This book provides a detailed analysis of the lyrics of the German rock musician Udo Lindenberg and of the singer-songwriter Konstantin Wecker. The investigation starts from the assumption that lyrics which are not in English put more weight onto the textual side of popular songs; the lyrics are therefore analysed separately from music and performance. Furthermore, this study goes beyond the distinction between dominant and mass literature which, within literary studies, has so far prevented an unbiased approach towards song lyrics. Finally, it is suggested that Lindenberg’s and Wecker’s lyrics can be read as contemporary variations of «Gebrauchslyrik», a concept that was developed by major representatives of the German cabaret culture during the 1920s and 1930s. Hence, the book recapitulates the history of both the German cabaret and the development of German popular music, and places Lindenberg and Wecker within these cultural movements.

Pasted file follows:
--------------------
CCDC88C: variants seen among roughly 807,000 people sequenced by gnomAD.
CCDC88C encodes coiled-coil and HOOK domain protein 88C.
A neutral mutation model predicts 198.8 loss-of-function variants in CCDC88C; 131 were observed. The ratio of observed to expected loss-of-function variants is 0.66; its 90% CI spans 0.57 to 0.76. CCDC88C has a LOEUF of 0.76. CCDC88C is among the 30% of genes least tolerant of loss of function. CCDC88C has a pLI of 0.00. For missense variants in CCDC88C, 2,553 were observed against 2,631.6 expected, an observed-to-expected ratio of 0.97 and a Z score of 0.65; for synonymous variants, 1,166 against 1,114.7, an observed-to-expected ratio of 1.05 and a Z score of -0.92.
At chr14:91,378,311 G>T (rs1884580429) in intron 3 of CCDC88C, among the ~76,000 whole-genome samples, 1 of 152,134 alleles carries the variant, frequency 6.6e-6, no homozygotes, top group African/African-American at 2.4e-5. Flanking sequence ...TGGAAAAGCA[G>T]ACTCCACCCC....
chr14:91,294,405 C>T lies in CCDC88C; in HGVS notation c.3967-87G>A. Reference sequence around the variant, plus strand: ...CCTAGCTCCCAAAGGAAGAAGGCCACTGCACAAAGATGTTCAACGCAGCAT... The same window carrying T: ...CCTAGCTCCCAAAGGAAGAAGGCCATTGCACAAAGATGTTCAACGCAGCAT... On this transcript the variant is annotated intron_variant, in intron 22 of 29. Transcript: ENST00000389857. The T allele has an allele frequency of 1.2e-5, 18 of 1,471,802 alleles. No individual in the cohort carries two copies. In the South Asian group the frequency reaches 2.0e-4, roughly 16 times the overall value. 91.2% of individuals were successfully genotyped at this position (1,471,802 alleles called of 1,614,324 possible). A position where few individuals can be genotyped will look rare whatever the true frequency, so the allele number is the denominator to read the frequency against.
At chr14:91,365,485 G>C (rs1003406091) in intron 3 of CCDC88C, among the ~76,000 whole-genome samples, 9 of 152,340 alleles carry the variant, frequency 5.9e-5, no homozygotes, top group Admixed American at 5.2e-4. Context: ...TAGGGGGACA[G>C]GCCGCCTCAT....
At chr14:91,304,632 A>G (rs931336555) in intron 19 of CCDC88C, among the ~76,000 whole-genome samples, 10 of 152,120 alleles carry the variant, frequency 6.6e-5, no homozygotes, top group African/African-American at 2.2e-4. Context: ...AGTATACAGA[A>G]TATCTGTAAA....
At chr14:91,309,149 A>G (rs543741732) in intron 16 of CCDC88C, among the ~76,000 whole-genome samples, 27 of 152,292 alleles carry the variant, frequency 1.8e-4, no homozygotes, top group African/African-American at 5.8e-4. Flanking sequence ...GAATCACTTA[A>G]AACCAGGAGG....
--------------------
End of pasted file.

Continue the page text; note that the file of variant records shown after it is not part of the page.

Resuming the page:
Oxford, Bern, Berlin, Bruxelles, Frankfurt/M., New York, Wien, 2003. 374 pp.
Contents: Lyrics Between Pop and Poetry – Perspectives of Popular Music Research and of Literary Studies – The Dichotomy Between
E-Musik and U-Musik – The Split Between High and Low Literature – Lyrics Between Pleasure and Protest – Weimar
Cabaret and Cabaret Chanson – The Concept of Gebrauchslyrik – The German Singer-Songwriter Movement – Early German
Rock Music – The Lyrics of Udo Lindenberg and Konstantin Wecker.